London Gold Market Report
08:45 EST, Tues 11 Aug.
Gold Beaten by Silver "Both Up & Down" as Miner Dehedging, Lower Scrap Supplies Support Prices
GOLD HELD FLAT Tuesday morning in London, adding 0.6% from yesterday's 7-session low as Asian stock markets rose but European shares reversed early gains.
Oil futures were little changed below $71 per barrel despite news that China's crude imports jumped by 18% in July to a new monthly record.
Developed-world government debt rose, meantime, pushing the yield offered to new buyers of 10-year US Treasuries down to 3.76%.
Silver bounced 1.6% from Monday's four-session low at $14.32 an ounce.
"Silver continues to outperform Gold both on the upside and on the downside," says today's Metal Matters from London market-makers Scotia Mocatta.
"Silver is benefitting from both investment demand and anticipation of a pickup in industrial demand," the monthly report says, but de-hedging by Gold Mining companies who'd previously sold their future production forwards on the derivatives market "still provides support" for Bullion.
AngloGold Ashanti, the world's fourth largest gold-miner, took advantage of July's 5% drop in Gold Prices to buy back 43.5 tonnes of the gold it had sold forward, leaving its hedge book at 139 tonnes.
"Official gold sales in 2009 seem set to fall to the lowest level since 1994," Scotia Mocatta goes on, "with net central banks sales likely to be in the order of 140 tonnes this year, down from 246 tonnes in 2008."
The Bullion bank also believes sales of scrap gold fell to 350 tonnes between April and July, down by 40% from the first quarter of 2009. Current scrap supplies are limited, another London dealer confirms, but physical gold buying is also taking its traditional August holiday.
"This month and ahead of the festivals, the real consumers will be Buying Gold," said Haresh Acharya, an Indian bullion dealer at wholesalers Parker Agrochem Exports Ltd in Ahmedabad, Gujurat to Reuters today.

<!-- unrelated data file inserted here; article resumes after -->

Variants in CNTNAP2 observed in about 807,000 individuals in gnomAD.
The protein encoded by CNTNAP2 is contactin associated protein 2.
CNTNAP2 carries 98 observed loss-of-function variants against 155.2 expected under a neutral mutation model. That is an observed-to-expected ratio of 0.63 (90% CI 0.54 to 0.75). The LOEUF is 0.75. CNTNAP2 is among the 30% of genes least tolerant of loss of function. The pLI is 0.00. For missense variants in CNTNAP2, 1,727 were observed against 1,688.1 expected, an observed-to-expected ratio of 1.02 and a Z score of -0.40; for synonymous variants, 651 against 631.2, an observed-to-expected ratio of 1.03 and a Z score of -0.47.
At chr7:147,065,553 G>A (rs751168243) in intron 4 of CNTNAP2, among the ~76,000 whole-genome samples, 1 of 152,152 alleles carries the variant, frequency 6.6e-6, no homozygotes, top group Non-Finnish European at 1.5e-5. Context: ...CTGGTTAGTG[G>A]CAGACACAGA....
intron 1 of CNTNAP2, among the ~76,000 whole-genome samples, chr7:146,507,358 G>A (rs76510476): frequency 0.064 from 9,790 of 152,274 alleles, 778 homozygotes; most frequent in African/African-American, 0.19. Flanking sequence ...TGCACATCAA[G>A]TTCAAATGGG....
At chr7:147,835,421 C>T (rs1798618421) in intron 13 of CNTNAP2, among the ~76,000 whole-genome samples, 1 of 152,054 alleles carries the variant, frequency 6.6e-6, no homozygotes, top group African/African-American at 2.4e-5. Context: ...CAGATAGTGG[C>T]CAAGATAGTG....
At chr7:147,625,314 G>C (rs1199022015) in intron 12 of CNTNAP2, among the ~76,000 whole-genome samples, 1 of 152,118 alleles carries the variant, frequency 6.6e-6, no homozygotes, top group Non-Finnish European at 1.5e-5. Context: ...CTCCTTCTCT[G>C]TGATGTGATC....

"However there is hardly any demand from northern India because of the below-normal monsoon. If the monsoon fails, the full year will be very bad."
Analysis from Religare Capital Markets in Mumbai challenges this view, however, showing that poor monsoons have less impact on India's traditionally strong autumn gold buying than rural incomes - likely to be boosted by government aid if the harvest is bad - and the recent 3-month stability in Rupee Gold Prices.
"We are not in the 1980s and '70s or '60s when rain played a very important role in our GDP through agri-sector growth," says Religare's president Amitabh Chakraborty, also speaking to Reuters.
Gold imports to India - the world's No.1 gold consumer market - may rise by 15% between July and Jan., says another Mumbai analyst, after falling by one-half in the first six months of the year.
"Gold is currently supported by a weak Rupee," reckons Commerztrend's Gnanasekar Thiagarajan. "Gold may again go up if the Fed indicates inflationary concerns" in tomorrow's US interest-rate decision.
On the data front Tuesday, Germany reported flat consumer prices for July, but deflation in wholesale prices accelerated to 10.6% year-on-year.
The Euro ticked back above $1.4150, holding the Gold Price in Euros just shy of €670 an ounce.
UK investors now Ready to Buy Gold saw the price touch fresh two-week highs above £576 as the Pound stayed below $1.6500.
The Bank of Japan meantime kept its key interest rate at 0.1%, warning that "It may take time for falls in consumer prices to end."
Japan's consumer price index - excluding volatile food prices - showed the fastest drop on record in June, down 1.7% from a year earlier.
Gold priced in Japanese Yen has more than trebled since the Bank of Japan initiated its "zero interest rate policy" to try and combat deflation at the start of this decade.